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Ethiopian Airlines Boeing 787 suffers on-board fire while parked at London Heathrow Airport

15-Jul-2013 11:22 AM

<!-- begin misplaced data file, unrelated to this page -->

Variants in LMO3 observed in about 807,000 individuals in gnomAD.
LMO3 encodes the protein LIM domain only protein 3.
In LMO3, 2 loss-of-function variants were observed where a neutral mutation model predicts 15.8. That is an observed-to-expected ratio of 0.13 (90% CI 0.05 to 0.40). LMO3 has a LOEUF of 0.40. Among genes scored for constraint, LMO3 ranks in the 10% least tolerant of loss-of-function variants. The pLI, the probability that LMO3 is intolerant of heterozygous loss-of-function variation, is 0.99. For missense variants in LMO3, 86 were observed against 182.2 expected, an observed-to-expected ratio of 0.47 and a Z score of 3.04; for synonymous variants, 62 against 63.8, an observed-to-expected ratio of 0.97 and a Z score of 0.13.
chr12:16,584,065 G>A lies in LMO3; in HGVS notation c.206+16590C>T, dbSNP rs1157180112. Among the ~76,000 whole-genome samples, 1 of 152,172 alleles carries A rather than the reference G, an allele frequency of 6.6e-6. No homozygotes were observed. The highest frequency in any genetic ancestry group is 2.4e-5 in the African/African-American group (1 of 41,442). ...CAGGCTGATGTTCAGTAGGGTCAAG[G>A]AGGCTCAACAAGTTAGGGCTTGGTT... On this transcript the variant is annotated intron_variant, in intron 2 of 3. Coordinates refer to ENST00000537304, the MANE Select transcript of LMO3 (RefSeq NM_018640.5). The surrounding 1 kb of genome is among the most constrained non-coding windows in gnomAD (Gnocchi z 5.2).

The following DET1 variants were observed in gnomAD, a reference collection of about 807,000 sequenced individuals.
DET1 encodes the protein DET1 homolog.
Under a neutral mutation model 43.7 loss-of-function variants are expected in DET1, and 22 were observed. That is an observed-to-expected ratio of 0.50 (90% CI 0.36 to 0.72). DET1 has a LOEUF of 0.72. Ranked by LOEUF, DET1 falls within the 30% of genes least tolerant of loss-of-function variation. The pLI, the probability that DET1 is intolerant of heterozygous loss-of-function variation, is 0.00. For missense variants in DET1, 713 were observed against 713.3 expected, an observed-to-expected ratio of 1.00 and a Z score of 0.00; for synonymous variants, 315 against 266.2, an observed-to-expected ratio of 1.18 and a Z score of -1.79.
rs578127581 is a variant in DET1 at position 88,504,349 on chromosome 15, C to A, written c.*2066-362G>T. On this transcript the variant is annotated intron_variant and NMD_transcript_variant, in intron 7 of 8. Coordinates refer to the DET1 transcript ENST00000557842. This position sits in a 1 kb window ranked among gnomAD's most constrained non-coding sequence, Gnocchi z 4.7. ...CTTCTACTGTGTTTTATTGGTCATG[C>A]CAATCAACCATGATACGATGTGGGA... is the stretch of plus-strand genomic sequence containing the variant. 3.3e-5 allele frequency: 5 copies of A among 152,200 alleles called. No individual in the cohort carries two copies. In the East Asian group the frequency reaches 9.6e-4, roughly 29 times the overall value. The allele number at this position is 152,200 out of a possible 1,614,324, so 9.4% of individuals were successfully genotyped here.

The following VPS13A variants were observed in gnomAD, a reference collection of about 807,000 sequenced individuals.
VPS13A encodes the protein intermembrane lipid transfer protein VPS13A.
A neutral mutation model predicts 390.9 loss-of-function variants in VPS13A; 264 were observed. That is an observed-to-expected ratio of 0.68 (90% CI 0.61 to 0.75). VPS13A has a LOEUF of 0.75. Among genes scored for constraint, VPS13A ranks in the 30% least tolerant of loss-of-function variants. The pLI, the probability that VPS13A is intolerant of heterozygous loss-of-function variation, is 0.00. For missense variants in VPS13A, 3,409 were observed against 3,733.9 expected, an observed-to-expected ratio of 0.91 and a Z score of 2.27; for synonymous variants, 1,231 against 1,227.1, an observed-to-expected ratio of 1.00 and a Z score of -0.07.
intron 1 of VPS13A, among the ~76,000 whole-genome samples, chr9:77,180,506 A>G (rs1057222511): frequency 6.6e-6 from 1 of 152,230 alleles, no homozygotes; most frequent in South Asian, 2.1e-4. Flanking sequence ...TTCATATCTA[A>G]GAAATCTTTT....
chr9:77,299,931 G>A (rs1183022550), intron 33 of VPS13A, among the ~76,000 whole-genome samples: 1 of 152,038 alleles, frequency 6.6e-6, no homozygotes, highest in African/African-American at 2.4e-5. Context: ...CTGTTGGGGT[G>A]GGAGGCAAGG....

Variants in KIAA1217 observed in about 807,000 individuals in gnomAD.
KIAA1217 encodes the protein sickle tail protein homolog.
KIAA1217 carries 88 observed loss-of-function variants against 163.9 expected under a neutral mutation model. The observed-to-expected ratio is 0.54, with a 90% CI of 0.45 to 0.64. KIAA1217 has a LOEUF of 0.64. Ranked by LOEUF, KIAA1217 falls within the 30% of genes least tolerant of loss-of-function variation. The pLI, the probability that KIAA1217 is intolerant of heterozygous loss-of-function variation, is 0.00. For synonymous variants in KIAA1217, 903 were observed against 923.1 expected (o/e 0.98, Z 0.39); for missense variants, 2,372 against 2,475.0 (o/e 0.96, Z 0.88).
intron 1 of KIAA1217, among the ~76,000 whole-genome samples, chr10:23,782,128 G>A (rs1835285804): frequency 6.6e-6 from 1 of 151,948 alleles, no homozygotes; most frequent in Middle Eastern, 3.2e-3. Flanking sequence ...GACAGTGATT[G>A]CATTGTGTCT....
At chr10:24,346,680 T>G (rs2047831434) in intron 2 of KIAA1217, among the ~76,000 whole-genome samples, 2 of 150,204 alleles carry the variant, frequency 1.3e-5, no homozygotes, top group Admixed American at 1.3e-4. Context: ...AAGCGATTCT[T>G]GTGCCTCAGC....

Ethiopian Airlines reported (12-Jul-2013) smoke was detected from one of the carrier’s Boeing 787 aircraft (registration number ET-AOP), which had been parked at London Heathrow Airport for more than eight hours. The aircraft was empty when the incident was observed. The carrier stated the cause of the incident is under investigation by all concerned. London Heathrow Airport reported (13-Jul-2013) an on-board internal fire on the aircraft. UK Air Accidents Investigation released (13-Jul-2013) a statement on the “serious incident” involving the 787. The aircraft suffered an “event” while parked on stand, with no persons on board. The initial witness and physical evidence shows that this event resulted in smoke throughout the fuselage and extensive heat damage in the upper portion of the rear fuselage. The Chief Inspector of the Air Accidents Investigation Branch (AAIB) has ordered an investigation into this serious incident be carried out to determine the causal and contributory factors. The US National Transportation Safety Board (NTSB) and the Civil Aviation Authority of Ethiopia have been invited to appoint representatives to participate in the investigation, along with advisors from the US FAA, Boeing Commercial Airplanes and Ethiopian Airlines. The AAIB has also invited the participation of the European Aviation Safety Agency and the UK Civil Aviation Authority as advisors to the investigation. This team, under the direction of the AAIB, has initiated the technical investigation into the event. AAIB reported extensive heat damage in the upper portion of the rear fuselage, a complex part of the aircraft, and the initial investigation is likely to take several days. However, the AAIB stated it is “clear that this heat damage is remote from the area in which the aircraft main and APU (Auxiliary Power Unit) batteries are located, and, at this stage, there is no evidence of a direct causal relationship.” Boeingvia its twitter account, reported (12-Jul-2013) it has “personnel on the ground at Heathrow and are working to fully understand and address this” and it is “working to fully understand and address this". General Electric stated the fire was not related to the engines. [more - UK Air Accident Investigation] [more - US National Transportation Safety Board] [more - London Heathrow Airport] [more - London Heathrow PR 2] [more - Ethiopian Airlines]